Scientific Publications

Sequence-based association and selection scans identify drug resistance loci in the Plasmodium falciparum malaria parasite.

Publication TypeJournal Article
AuthorsPark, DJ, Lukens AK, Neafsey DE, Schaffner SF, Chang HH, Valim C., Ribacke U., Van Tyne D., Galinsky K., Galligan M., Becker JS, Ndiaye D., Mboup S., Wiegand RC, Hartl DL, Sabeti PC, Wirth DF, and Volkman SK
AbstractThrough rapid genetic adaptation and natural selection, the Plasmodium falciparum parasite-the deadliest of those that cause malaria-is able to develop resistance to antimalarial drugs, thwarting present efforts to control it. Genome-wide association studies (GWAS) provide a critical hypothesis-generating tool for understanding how this occurs. However, in P. falciparum, the limited amount of linkage disequilibrium hinders the power of traditional array-based GWAS. Here, we demonstrate the feasibility and power improvements gained by using whole-genome sequencing for association studies. We analyzed data from 45 Senegalese parasites and identified genetic changes associated with the parasites' in vitro response to 12 different antimalarials. To further increase statistical power, we adapted a common test for natural selection, XP-EHH (cross-population extended haplotype homozygosity), and used it to identify genomic regions associated with resistance to drugs. Using this sequence-based approach and the combination of association and selection-based tests, we detected several loci associated with drug resistance. These loci included the previously known signals at pfcrt, dhfr, and pfmdr1, as well as many genes not previously implicated in drug-resistance roles, including genes in the ubiquitination pathway. Based on the success of the analysis presented in this study, and on the demonstrated shortcomings of array-based approaches, we argue for a complete transition to sequence-based GWAS for small, low linkage-disequilibrium genomes like that of P. falciparum.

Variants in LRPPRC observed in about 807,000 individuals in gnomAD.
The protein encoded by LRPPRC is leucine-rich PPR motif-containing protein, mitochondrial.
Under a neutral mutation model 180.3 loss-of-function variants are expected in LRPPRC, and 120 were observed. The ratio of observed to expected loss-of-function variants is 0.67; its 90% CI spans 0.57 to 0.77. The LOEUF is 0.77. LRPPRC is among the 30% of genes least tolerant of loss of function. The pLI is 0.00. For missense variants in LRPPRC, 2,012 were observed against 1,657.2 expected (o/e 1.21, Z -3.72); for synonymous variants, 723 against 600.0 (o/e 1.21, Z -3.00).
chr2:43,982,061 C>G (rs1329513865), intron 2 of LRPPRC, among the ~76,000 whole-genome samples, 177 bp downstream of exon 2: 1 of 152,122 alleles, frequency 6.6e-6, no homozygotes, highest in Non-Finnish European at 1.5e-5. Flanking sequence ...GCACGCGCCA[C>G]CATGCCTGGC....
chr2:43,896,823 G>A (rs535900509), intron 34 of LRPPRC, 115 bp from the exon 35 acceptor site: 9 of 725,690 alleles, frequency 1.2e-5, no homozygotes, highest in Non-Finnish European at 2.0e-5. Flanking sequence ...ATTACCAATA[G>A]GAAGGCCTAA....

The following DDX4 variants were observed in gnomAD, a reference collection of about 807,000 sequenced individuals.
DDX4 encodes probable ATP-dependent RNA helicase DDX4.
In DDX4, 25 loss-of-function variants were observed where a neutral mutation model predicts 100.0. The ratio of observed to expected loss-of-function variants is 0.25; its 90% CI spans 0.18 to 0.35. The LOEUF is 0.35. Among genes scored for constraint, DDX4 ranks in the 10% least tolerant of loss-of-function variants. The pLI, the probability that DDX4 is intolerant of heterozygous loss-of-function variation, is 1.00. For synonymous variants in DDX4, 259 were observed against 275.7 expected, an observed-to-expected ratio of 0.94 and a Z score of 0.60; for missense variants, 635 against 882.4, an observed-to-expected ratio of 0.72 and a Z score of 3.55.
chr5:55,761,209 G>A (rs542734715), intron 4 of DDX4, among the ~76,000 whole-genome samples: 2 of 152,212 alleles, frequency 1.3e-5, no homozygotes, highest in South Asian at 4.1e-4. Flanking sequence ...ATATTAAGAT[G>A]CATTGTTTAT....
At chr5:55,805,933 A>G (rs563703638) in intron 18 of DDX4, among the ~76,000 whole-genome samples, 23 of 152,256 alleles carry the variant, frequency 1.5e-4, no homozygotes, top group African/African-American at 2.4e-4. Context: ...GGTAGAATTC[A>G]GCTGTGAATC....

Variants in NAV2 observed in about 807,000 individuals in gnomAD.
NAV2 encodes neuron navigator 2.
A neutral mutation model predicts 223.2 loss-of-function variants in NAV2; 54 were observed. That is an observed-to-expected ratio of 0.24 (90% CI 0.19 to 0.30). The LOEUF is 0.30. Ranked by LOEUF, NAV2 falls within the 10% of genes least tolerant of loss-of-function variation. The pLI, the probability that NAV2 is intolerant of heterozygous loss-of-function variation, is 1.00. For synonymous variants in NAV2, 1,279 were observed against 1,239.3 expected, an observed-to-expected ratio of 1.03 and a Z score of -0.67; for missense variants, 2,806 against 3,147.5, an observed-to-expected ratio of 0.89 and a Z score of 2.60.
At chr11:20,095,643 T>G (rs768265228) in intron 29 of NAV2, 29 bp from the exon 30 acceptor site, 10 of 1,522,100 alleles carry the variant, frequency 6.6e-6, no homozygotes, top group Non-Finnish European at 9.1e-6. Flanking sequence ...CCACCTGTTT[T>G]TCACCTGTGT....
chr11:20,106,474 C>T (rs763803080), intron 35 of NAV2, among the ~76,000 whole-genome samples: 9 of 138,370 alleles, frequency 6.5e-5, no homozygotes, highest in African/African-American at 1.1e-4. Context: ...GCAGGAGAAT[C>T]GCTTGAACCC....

Year of Publication2012
JournalProceedings of the National Academy of Sciences of the United States of America
Volume109
Issue32
Pages13052-7
Date Published (YYYY/MM/DD)2012/08/07
ISSN Number0027-8424
DOI10.1073/pnas.1210585109
PubMedhttp://www.ncbi.nlm.nih.gov/pubmed/22826220?dopt=Abstract